Comparison of profiles between setts showed that seven badgers were trapped at more than one sett. Of these, four were trapped on multiple occasions at one sett and only once at the other sett, so these badgers were assigned to the sett at which they were trapped more often. Two badgers were trapped on multiple occasions at two setts (setts F and G in both cases), but previous data from a pilot hair-trapping study suggested that both were members of group F. Consequently, both were assigned to group F. One badger was trapped once at sett C and once at sett G, and was therefore assigned a membership of 0.5 to each of these groups (see Table 1).
After assigning profiles to their most likely social group, hair-trapping and direct observation yielded the same estimated group size in six of the 11 groups (see Table 1). In four groups, the number of profiles exceeded the number of badgers observed, while in one group two badgers were observed, but no hair samples were obtained. Genotyping of these two badgers, for one badger using freshly shed hair (confirmed by several extracts and reamplification) and the other one using freshly plucked hair collected outside the sampling period, showed that these two badgers were not observed at other setts during the sampling period. Therefore, the combined estimate from hair-trapping and direct observation was 57 badgers, comparing well to the capwire estimate of 61 badgers.
There was considerable variability in the ease with which badgers were ‘captured’ at different setts (Fig. 2). For example, for setts A, B, F, G, I and J, the cumulative curve of captures against time reached 100% within the first three weeks of hair collection, suggesting that all members of those groups were captured. By contrast, new badgers were still being captured at setts C, D, E and H during the fourth week of trapping. At setts D and E, reliable estimates were obtained by direct observation and the observation estimates matched the hair-trapping estimates (see Table 1), so it is likely that all members of these groups were captured. At sett H, direct observation was difficult but the two estimates of social group size nevertheless matched, again suggesting that all animals were captured. At sett C, additional animals might have been captured had the sampling period been longer. To summarise, it is likely that the four-week collection schedule, with samples being collected on alternate days, resulted in trapping of all members of at least nine of the 11 groups. Alternatively, according to the capwire 95% confidence interval, a four-week collection schedule allowed us to obtain a DNA-sample from 82-100% of the population. Therefore, our methodology allowed us to sample a very high proportion of the population and only a few animals might have been missed.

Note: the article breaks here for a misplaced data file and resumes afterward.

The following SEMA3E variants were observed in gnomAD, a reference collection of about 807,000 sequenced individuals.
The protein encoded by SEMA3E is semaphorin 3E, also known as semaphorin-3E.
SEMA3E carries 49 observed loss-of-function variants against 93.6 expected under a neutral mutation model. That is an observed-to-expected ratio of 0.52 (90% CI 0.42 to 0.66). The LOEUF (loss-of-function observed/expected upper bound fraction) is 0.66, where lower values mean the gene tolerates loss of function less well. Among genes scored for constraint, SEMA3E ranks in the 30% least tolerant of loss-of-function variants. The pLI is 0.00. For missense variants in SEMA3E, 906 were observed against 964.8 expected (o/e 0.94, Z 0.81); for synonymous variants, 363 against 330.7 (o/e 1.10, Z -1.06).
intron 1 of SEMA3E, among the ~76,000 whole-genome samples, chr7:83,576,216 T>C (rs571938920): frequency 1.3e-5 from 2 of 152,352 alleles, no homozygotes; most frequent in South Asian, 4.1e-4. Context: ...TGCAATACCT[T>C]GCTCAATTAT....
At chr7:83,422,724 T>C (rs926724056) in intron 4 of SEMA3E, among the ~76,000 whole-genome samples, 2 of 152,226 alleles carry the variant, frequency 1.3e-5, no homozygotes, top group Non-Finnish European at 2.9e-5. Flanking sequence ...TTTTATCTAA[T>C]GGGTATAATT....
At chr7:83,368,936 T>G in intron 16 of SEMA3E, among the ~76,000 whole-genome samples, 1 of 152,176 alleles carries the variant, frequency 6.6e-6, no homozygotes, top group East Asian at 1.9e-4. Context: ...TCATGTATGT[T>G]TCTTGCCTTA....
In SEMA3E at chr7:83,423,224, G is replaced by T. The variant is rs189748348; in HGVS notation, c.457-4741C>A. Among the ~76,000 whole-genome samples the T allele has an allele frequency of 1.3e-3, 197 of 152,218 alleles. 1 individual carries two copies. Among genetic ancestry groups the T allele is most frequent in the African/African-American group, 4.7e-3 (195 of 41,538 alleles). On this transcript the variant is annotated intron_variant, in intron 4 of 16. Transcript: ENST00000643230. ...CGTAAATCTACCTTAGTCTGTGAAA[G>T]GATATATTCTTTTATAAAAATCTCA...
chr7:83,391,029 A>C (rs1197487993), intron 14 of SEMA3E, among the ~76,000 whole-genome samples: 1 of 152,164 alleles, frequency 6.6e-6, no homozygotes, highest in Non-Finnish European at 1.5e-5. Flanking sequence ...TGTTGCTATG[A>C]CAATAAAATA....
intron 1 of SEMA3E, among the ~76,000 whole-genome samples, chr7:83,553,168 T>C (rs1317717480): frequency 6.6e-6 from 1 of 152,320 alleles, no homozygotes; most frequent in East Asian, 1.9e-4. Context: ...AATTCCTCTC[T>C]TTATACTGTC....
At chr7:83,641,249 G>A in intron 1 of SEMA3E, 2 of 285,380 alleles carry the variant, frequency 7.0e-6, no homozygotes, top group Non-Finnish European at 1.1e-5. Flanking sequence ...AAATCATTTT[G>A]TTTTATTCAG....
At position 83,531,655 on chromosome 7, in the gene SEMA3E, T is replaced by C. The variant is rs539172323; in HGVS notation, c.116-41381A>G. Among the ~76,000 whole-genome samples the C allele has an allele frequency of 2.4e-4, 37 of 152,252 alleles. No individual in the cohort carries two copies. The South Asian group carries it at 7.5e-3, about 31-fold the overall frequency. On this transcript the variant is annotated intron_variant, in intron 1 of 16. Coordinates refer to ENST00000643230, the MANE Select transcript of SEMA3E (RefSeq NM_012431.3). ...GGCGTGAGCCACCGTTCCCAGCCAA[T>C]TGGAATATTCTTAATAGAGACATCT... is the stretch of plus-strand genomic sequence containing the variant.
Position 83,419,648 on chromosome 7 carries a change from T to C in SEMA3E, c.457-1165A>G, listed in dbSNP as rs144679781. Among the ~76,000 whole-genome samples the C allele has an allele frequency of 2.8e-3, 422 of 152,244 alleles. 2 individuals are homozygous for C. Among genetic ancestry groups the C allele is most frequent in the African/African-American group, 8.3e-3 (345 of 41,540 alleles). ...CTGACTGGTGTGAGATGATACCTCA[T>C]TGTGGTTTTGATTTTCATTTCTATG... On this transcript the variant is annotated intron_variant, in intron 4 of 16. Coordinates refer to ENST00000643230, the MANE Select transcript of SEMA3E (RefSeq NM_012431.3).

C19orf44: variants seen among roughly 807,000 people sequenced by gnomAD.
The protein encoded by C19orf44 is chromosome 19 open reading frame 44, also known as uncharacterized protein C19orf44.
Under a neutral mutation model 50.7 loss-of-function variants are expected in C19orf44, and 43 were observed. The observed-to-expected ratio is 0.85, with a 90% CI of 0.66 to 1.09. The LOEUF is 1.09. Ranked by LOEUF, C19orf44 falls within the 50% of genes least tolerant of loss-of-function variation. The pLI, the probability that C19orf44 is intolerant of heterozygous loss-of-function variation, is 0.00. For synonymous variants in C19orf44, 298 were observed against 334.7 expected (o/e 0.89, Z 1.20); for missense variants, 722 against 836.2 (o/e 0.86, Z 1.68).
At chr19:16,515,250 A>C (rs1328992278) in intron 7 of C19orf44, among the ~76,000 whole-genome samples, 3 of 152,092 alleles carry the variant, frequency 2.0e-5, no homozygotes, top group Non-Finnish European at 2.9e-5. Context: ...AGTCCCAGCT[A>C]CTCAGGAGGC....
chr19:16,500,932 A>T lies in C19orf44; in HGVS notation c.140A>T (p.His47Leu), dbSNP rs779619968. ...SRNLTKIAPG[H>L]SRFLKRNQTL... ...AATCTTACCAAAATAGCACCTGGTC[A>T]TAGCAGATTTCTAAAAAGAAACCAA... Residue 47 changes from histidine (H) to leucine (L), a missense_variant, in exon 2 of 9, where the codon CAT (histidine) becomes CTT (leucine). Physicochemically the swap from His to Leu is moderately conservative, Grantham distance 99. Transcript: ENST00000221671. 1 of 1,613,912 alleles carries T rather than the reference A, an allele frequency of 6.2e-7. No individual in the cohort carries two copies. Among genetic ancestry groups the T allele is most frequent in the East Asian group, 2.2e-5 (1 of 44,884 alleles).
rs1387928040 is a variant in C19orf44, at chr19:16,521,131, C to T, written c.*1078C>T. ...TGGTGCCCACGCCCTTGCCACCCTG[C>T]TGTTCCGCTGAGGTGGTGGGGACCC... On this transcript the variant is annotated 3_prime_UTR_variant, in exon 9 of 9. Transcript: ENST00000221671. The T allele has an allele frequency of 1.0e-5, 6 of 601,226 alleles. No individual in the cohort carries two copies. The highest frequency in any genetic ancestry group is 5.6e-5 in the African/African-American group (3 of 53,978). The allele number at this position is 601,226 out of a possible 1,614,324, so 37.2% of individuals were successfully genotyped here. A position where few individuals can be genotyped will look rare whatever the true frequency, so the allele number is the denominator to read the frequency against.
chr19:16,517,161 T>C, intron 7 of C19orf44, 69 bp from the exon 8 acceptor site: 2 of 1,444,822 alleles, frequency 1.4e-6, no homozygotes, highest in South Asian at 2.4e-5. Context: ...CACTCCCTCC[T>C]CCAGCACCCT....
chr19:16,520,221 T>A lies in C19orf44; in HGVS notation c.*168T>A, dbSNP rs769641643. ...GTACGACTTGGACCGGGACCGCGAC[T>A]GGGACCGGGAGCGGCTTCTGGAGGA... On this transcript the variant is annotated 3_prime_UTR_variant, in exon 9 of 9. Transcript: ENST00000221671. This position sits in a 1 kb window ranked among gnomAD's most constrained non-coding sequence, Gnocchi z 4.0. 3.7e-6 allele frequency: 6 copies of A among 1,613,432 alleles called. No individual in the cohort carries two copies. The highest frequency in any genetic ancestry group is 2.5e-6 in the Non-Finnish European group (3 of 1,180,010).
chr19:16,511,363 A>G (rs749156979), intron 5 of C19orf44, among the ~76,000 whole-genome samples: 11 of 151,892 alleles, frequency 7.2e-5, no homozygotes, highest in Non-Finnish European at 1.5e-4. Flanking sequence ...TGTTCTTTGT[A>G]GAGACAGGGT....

Besides the variability in the ease with which badgers were captured, there was also considerable variability in the number of hair samples obtained from each individual badger (mean: 5.71, range: 1-21; Fig. 3) and in the number of collection days yielding samples from each badger (mean: 3.69, range: 1-11). Thus, the traps were not visited equally often by all members of the groups in question.
As regards the length of the sampling period needed to estimate the population size, the capwire estimates obtained over sampling periods of 9, 19 or 29 days gave estimated population sizes of 61 (CI: 39-82), 53 (CI: 45-61) and 61 (CI: 55-67) animals, respectively (see Fig. 1). For these estimates we used the ‘two innate rates model’ (TRIM), as capture heterogeneity was demonstrated (see above). The ‘even capture probability model’ (ECM) was rejected by the likelihood-ratio test of capwire for the 19- and 29-day periods, but not for the 9-day period. Nevertheless we selected TRIM as recommended by the authors when working with small sample sizes where capture heterogeneity is suspected (Miller et al. 2005). Considering the 29-day estimate as the final and most accurate estimate, population size was estimated correctly after nine sampling days, but underestimated after 19 days (though it was encompassed in the 95% CI). Increasing sampling effort resulted, as expected, in a decrease in the CI width (see Fig. 1).
Collection and Genotyping Success
Our results show that unbaited hair traps, placed at sett entrances and well-used runs, constitute an effective non-invasive method of obtaining badger hair samples for genotyping purposes. Single hairs yielded reliable genetic profiles in a high percentage (91%) of cases, which is important to the success of the method because when multiple-hair extracts were genotyped, 23% were found to contain hair from more than one individual. Thus, had all the extractions been done on pooled hairs rather than on single hairs, almost a quarter of them would have had to be rejected because they would have contained DNA from more than one badger. Pooling all of the hairs from a single trap would have resulted in rejection of an even higher proportion of samples. We therefore suggest that in future studies, two single guard hairs, each with a clearly visible follicle, should be extracted separately from each sample. Under this protocol, if the first extraction were found not to contain DNA, the second would be available as a reserve.